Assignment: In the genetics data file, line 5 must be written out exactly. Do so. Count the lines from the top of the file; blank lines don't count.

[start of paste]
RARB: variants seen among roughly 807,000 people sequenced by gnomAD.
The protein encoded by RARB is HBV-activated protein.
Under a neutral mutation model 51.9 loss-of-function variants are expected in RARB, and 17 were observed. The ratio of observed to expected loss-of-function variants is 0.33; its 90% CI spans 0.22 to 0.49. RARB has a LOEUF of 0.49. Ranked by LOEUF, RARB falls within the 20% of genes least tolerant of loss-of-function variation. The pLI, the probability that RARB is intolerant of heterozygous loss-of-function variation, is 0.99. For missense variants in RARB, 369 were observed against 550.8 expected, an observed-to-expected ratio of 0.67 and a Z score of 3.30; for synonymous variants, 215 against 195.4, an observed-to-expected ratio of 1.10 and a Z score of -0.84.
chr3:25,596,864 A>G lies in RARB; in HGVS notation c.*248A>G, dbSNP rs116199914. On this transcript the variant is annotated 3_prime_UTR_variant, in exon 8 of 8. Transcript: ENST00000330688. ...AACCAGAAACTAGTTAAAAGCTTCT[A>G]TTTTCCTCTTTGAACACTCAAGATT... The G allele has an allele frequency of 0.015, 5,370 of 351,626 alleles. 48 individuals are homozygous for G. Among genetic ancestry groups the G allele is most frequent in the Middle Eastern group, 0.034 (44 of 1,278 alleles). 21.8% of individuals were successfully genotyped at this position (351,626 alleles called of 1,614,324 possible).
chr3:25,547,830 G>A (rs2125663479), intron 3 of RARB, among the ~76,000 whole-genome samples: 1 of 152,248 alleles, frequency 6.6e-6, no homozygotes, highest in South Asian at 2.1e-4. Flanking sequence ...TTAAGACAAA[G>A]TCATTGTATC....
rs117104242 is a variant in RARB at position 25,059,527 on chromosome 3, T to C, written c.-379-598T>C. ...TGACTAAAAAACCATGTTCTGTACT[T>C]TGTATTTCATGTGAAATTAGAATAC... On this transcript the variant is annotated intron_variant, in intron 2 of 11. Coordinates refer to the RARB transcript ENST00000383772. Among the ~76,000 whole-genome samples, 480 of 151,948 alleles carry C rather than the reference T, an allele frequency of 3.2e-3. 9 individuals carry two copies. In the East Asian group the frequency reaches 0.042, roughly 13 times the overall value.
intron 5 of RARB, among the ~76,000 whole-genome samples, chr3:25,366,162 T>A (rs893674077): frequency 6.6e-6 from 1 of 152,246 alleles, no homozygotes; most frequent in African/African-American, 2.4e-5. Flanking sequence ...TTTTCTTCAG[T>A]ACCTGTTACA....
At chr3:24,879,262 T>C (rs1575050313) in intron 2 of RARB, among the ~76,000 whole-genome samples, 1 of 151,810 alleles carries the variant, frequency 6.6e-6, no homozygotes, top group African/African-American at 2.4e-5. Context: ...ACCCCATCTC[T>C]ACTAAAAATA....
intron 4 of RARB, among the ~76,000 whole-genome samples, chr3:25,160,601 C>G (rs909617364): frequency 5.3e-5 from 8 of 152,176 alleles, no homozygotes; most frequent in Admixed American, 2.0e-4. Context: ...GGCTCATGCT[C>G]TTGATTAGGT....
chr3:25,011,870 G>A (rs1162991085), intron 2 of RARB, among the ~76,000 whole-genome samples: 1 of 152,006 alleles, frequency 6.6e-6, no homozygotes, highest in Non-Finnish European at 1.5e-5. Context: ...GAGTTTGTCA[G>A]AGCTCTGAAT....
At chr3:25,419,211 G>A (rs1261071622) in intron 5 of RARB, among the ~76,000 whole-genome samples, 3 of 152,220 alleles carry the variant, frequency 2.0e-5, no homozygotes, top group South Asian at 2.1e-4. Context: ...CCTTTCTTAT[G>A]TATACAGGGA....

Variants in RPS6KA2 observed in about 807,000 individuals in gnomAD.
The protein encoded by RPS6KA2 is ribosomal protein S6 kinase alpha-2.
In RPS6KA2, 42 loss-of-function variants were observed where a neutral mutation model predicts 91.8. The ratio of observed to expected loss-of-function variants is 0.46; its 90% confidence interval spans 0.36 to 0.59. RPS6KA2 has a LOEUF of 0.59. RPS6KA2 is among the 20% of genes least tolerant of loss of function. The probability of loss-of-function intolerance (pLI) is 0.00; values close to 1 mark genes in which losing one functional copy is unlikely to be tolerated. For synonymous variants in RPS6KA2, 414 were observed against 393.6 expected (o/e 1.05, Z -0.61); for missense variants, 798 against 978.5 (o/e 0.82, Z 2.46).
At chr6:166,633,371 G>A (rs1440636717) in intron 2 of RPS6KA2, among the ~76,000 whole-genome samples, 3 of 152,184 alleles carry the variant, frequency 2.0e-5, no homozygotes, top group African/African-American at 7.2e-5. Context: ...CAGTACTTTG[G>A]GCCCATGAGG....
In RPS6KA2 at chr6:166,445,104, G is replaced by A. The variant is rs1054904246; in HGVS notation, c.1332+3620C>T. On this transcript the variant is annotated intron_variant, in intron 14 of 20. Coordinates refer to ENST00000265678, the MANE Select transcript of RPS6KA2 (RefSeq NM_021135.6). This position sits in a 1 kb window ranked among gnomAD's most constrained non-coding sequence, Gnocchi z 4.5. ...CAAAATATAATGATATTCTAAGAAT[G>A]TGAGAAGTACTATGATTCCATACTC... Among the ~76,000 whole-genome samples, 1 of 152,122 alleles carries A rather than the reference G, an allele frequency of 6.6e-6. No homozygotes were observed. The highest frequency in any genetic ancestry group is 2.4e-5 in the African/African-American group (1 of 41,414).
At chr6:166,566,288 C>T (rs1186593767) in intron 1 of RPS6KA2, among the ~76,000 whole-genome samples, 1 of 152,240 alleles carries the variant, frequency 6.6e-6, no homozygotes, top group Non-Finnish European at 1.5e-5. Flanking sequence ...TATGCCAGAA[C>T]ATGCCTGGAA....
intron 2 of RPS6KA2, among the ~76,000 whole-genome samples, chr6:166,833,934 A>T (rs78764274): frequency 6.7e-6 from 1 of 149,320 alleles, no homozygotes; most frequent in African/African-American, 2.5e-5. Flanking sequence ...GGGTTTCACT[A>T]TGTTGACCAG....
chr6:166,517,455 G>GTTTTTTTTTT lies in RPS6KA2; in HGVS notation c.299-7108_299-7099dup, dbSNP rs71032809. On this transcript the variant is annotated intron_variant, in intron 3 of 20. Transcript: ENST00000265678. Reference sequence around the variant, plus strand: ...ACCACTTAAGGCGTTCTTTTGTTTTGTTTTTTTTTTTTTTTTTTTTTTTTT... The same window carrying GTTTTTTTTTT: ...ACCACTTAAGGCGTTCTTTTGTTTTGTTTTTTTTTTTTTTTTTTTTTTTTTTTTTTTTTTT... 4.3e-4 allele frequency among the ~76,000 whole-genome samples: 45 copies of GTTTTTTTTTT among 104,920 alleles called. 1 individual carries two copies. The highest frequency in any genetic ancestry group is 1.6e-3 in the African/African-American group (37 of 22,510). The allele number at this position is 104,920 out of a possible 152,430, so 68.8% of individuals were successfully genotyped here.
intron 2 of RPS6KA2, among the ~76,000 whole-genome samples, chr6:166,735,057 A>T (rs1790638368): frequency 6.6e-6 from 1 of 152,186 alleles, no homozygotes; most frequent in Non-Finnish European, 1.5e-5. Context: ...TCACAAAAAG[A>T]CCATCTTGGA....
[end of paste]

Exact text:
chr3:25,547,830 G>A (rs2125663479), intron 3 of RARB, among the ~76,000 whole-genome samples: 1 of 152,248 alleles, frequency 6.6e-6, no homozygotes, highest in South Asian at 2.1e-4. Flanking sequence ...TTAAGACAAA[G>A]TCATTGTATC....